About 65 million people along the densely populated US east coast waited warily yesterday for a dangerous hurricane that could inflict billions in damages in an arc from Washington to Baltimore, Philadelphia, New York and Boston.
The main thrust of Hurricane Irene wasn’t expected in North Carolina until sometime today, but surging storm waves were already hitting the state’s Outer Banks, where thousands of tourists and locals have fled.
Irene weakened slightly yesterday, dropping to a Category 2 storm with maximum sustained winds near 175kph. However, some re-strengthening was possible and the storm was expected to be between a Category 2 and 3 storm as it reached North Carolina’s coast, the National Hurricane Center said.
The powerful hurricane destroyed hundreds of homes on small Bahamian islands but largely spared the capital of Nassau as it tore over the sprawling archipelago on Thursday. There were no immediate reports of deaths.
The US hurricane warning area was expanded to cover the coast from North Carolina north to Sandy Hook, New Jersey, which is just south of New York city. A hurricane watch extended even farther north and included Long Island, and the islands of Martha’s Vineyard and Nantucket in Massachusetts.
Knowing such a storm is on the way, farmer Wilson Daughtry shrugged off an evacuation order and raced to harvest all the corn and squash he could in North Carolina. Hundreds of miles further north in Maine, lobsterman Greg Griffin said fishermen were stowing traps and tying up boats, heeding forecasts of 9m battering waves ahead.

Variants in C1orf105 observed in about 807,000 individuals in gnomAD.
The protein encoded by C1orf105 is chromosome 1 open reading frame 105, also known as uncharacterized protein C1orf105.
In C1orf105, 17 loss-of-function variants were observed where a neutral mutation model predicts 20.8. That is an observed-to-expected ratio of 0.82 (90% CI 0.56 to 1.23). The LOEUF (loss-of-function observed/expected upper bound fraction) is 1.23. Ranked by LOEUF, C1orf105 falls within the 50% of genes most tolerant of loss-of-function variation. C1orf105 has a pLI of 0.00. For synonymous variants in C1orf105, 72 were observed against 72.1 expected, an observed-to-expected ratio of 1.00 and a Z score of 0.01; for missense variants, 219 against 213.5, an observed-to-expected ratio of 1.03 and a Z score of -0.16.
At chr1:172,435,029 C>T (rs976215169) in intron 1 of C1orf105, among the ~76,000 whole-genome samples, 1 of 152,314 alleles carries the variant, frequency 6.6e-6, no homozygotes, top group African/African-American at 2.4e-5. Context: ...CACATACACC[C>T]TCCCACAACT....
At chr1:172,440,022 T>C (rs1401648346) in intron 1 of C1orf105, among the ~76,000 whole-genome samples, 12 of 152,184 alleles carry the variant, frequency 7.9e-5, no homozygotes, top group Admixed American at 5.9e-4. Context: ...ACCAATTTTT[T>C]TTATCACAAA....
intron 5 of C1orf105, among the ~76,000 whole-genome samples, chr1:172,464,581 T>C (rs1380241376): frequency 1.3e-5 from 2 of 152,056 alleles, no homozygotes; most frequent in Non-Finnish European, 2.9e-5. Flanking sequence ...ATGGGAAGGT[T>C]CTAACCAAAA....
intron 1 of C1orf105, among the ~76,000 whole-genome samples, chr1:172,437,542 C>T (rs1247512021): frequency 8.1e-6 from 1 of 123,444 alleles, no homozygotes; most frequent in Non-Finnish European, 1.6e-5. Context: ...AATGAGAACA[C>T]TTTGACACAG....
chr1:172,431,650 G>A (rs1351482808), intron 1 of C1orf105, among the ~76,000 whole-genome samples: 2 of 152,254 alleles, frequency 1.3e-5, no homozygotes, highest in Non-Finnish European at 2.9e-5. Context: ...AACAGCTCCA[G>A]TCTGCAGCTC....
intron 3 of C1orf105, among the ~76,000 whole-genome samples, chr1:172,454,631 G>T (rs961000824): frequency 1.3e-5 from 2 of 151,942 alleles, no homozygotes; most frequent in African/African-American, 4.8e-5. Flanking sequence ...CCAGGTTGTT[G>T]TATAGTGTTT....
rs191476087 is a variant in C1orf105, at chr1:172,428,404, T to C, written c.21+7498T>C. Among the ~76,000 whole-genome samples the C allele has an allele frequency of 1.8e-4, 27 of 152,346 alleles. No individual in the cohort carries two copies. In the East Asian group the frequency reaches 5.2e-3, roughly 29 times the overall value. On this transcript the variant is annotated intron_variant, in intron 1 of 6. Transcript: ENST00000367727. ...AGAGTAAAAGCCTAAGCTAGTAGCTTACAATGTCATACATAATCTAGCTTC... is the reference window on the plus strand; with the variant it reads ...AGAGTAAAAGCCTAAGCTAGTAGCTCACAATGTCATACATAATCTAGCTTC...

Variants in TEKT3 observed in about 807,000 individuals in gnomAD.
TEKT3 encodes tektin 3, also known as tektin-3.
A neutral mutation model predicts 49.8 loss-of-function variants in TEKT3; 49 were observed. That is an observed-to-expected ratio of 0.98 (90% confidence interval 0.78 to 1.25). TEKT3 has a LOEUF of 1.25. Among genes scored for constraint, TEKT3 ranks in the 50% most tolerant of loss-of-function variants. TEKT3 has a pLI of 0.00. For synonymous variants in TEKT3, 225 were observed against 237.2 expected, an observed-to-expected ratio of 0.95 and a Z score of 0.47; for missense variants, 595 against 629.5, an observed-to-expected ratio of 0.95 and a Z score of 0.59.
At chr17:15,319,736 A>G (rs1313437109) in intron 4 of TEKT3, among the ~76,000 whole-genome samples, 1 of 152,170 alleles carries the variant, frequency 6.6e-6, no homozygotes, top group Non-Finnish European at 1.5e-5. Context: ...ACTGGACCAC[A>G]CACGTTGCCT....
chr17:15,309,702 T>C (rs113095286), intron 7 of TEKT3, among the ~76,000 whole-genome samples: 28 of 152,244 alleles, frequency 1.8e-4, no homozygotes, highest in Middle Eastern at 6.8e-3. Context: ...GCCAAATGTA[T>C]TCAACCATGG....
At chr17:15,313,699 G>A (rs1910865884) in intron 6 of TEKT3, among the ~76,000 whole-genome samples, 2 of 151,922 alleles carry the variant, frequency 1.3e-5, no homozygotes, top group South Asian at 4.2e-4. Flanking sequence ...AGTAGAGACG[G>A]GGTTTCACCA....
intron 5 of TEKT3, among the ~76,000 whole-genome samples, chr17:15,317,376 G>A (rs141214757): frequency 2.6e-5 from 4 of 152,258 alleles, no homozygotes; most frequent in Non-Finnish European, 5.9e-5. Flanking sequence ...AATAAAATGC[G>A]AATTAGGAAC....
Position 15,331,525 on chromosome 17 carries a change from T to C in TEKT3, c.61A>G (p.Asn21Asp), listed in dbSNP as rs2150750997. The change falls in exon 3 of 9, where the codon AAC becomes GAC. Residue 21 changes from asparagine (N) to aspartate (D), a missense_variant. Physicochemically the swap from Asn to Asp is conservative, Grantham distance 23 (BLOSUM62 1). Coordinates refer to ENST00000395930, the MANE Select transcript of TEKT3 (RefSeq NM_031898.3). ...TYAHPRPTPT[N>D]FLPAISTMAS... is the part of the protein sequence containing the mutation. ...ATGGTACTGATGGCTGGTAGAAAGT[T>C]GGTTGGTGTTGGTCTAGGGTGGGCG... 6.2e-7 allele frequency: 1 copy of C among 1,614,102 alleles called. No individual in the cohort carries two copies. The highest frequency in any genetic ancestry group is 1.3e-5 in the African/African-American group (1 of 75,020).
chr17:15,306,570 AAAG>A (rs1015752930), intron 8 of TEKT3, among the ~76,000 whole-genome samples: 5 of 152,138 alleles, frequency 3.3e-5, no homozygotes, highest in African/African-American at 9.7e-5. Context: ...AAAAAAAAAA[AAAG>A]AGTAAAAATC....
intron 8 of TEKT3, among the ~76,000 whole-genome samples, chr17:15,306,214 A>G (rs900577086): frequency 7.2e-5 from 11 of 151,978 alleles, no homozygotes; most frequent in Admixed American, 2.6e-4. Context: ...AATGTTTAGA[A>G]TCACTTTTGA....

Besides major cities, sprawling suburban bedroom communities, ports, airports, highway networks, cropland and mile after mile of beachfront neighborhoods are in harm’s way.
“One of my greatest nightmares was having a major hurricane go up the whole Northeast coast,’” Max Mayfield, the National Hurricane Center’s retired director, said. “This is going to be a real challenge ... There’s going to be millions of people affected.”
Hundreds of thousands of New Yorkers were told on Thursday to be prepared to move.
Farther south, tens of thousands packed up and left North Carolina beach towns and farmers pulled up their crops.
Risks are many from Irene’s wrath: surging seas, drenching rains, flash floods and high winds are all possibilities that the Federal Emergency Management Agency (FEMA) wasn’t counting out.
Even if the winds aren’t strong enough to damage buildings in a metropolis made of brick, concrete and steel, much of New York’s subway system and other infrastructure is underground and subject to flooding. New York City’s two main airports also are close to the water and could also be inundated.